Kirkus Reviews Issue: June 1, 2021

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Skloot's meticulous, riveting account strikes a humanistic balance between sociological history, venerable portraiture and...


A dense, absorbing investigation into the medical community's exploitation of a dying woman and her family's struggle to salvage truth and dignity decades later.

In a well-paced, vibrant narrative, Popular Science contributor and Culture Dish blogger Skloot (Creative Writing/Univ. of Memphis) demonstrates that for every human cell put under a microscope, a complex life story is inexorably attached, to which doctors, researchers and laboratories have often been woefully insensitive and unaccountable. In 1951, Henrietta Lacks, an African-American mother of five, was diagnosed with what proved to be a fatal form of cervical cancer. At Johns Hopkins, the doctors harvested cells from her cervix without her permission and distributed them to labs around the globe, where they were multiplied and used for a diverse array of treatments. Known as HeLa cells, they became one of the world's most ubiquitous sources for medical research of everything from hormones, steroids and vitamins to gene mapping, in vitro fertilization, even the polio vaccine—all without the knowledge, must less consent, of the Lacks family. Skloot spent a decade interviewing every relative of Lacks she could find, excavating difficult memories and long-simmering outrage that had lay dormant since their loved one's sorrowful demise. Equal parts intimate biography and brutal clinical reportage, Skloot's graceful narrative adeptly navigates the wrenching Lack family recollections and the sobering, overarching realities of poverty and pre–civil-rights racism. The author's style is matched by a methodical scientific rigor and manifest expertise in the field.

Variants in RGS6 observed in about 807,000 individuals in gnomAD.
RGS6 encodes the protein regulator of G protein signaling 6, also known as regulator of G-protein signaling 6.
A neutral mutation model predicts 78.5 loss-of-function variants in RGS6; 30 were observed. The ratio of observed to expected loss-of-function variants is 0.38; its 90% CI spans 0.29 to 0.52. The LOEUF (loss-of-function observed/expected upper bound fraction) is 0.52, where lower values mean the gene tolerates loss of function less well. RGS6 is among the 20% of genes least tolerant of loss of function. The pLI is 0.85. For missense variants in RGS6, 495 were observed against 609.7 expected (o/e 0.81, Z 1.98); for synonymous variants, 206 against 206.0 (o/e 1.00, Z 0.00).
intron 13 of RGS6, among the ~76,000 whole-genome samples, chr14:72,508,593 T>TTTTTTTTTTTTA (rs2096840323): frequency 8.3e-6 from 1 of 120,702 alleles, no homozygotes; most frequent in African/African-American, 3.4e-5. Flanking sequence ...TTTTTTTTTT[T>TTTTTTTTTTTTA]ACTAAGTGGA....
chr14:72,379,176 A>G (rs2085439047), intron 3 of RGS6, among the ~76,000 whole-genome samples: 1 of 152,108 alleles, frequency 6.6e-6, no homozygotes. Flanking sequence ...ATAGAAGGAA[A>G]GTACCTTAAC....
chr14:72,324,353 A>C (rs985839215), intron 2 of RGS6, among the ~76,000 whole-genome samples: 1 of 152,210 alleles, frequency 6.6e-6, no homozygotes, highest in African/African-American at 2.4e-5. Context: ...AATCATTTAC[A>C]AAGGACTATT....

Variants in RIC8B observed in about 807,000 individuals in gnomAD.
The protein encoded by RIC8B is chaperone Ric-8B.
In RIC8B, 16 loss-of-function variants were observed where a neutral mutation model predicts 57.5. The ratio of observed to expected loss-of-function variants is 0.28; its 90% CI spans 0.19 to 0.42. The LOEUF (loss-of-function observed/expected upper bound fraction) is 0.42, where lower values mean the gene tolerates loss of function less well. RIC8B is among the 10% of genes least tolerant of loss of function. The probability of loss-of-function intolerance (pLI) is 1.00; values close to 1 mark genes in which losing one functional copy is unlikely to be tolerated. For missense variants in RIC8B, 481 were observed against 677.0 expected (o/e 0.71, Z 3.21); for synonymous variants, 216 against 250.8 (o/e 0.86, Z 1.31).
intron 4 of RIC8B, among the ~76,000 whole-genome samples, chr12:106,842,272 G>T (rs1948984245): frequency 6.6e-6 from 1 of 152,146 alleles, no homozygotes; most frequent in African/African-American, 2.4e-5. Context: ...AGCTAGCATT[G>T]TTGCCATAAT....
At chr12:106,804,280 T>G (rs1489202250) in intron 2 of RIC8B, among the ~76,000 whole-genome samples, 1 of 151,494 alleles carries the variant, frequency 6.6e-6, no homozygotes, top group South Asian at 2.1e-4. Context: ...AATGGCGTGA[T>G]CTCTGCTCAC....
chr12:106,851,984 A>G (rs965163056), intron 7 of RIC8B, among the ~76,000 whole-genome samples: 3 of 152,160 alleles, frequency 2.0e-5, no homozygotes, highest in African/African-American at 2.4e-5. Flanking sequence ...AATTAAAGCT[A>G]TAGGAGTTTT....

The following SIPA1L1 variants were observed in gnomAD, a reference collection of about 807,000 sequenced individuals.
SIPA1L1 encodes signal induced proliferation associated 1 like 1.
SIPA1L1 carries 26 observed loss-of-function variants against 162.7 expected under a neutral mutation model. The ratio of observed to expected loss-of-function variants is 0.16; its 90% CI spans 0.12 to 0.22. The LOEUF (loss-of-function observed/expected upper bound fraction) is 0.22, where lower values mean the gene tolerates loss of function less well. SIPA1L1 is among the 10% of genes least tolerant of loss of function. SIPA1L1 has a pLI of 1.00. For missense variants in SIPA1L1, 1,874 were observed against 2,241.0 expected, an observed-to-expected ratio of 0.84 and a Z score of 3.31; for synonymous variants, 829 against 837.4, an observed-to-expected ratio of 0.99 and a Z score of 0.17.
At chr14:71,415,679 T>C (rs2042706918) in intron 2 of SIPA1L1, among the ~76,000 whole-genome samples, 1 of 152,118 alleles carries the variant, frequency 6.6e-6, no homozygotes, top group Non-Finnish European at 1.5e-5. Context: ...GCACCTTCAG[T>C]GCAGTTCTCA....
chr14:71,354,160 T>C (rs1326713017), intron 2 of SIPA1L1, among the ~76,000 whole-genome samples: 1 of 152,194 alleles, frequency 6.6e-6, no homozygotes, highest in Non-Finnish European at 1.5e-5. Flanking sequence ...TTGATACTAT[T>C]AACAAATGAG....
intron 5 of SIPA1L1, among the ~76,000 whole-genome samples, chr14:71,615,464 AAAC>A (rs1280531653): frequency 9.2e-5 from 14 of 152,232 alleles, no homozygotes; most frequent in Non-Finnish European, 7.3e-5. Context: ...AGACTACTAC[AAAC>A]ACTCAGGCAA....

Skloot's meticulous, riveting account strikes a humanistic balance between sociological history, venerable portraiture and Petri dish politics.

Pub Date: Feb. 9, 2010

ISBN: 978-1-4000-5217-2

Page Count: 320

Publisher: Crown

Review Posted Online: Dec. 22, 2010

Kirkus Reviews Issue: Jan. 1, 2010